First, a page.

▪ Discovered in 1879, Saccharin is the oldest and, most commonly used non-nutritive sweetener. Despite being nearly 300 times less sweet than saccharin, sucrose has a bitter aftertaste. It cannot be used in baked goods as it becomes unstable with heat, but it is suitable for sweetening drinks, candies, and toothpaste.
▪ Aspartame, discovered in 1965, is a widely used artificial sweetener that is 200 times sweeter than sugar. It is a methyl ester dipeptide called aspartyl phenylalanine-1-methyl ester.
▪ Aspartame is commonly used as a tabletop sweetener and is also found in a variety of foods. However, its sweetness decreases when heated and it breaks down into amino acids, making it unsuitable for baked goods. As a result, it is only used in cold drinks and foods as it becomes unstable when exposed to high cooking temperatures.
Acesulfame Potassium (Ace-K)
▪ Acesulfame potassium, also known as acesulfame K, is a widely used artificial sweetener that is 200 times sweeter than regular sugar. It is suitable for cooking and baking and is marketed under the brand names Sunset or Sweet One.
▪ This sweetener is 20,000 times sweeter than table sugar and suited for cooking, and baking. Advantame is utilized as a tabletop sweetener and in various products such as bubblegums, flavored beverages, dairy items, jams, confectioneries, and others.
Advantages of Artificial Sweeteners
▪ Sugar is a widely used sweetener, but it also contributes significantly to tooth decay and cavities. By reducing sugar intake and replacing it with artificial sweeteners, it is possible to minimize the adverse effects on teeth.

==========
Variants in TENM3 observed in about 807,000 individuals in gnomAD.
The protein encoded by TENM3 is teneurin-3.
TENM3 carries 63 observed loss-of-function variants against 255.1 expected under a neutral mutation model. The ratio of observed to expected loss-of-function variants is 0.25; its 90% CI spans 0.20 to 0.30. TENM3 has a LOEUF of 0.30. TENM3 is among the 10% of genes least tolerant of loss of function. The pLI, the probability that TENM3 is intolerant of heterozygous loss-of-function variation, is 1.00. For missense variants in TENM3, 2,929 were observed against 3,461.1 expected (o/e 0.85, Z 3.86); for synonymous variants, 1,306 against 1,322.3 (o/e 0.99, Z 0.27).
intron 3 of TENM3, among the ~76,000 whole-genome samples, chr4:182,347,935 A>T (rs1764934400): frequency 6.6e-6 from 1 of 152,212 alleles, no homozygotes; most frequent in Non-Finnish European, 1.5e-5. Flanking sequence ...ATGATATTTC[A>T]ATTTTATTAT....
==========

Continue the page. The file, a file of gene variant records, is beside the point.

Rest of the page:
▪ Weight loss or maintenance is a common motivation for using artificial sweeteners. According to Mayo Clinic, one gram of sugar contains four calories. Replacing regular sugar with calorie-free sweeteners can therefore decrease daily calorie consumption.
▪ For individuals with diabetes, excessive sugar intake is a significant concern. Artificial sweeteners provide a safe alternative as they do not increase blood sugar levels. However, it is always advisable to consult a doctor before making any changes to your diet.
Artificial Sweeteners Side effects
▪ Health organizations have cleared that artificial sweeteners do not pose significant health risks. There is no evidence linking these sugar substitutes to an increased risk of cancer in humans, despite earlier studies in the 1970s that suggested a connection between the artificial sweetener saccharin and bladder cancer in rats.
▪ However, some recent studies on long-term daily consumption of artificial sweeteners have suggested a correlation with a higher risk of stroke, heart disease, and overall mortality, but these findings may be influenced by other factors such as lifestyle habits.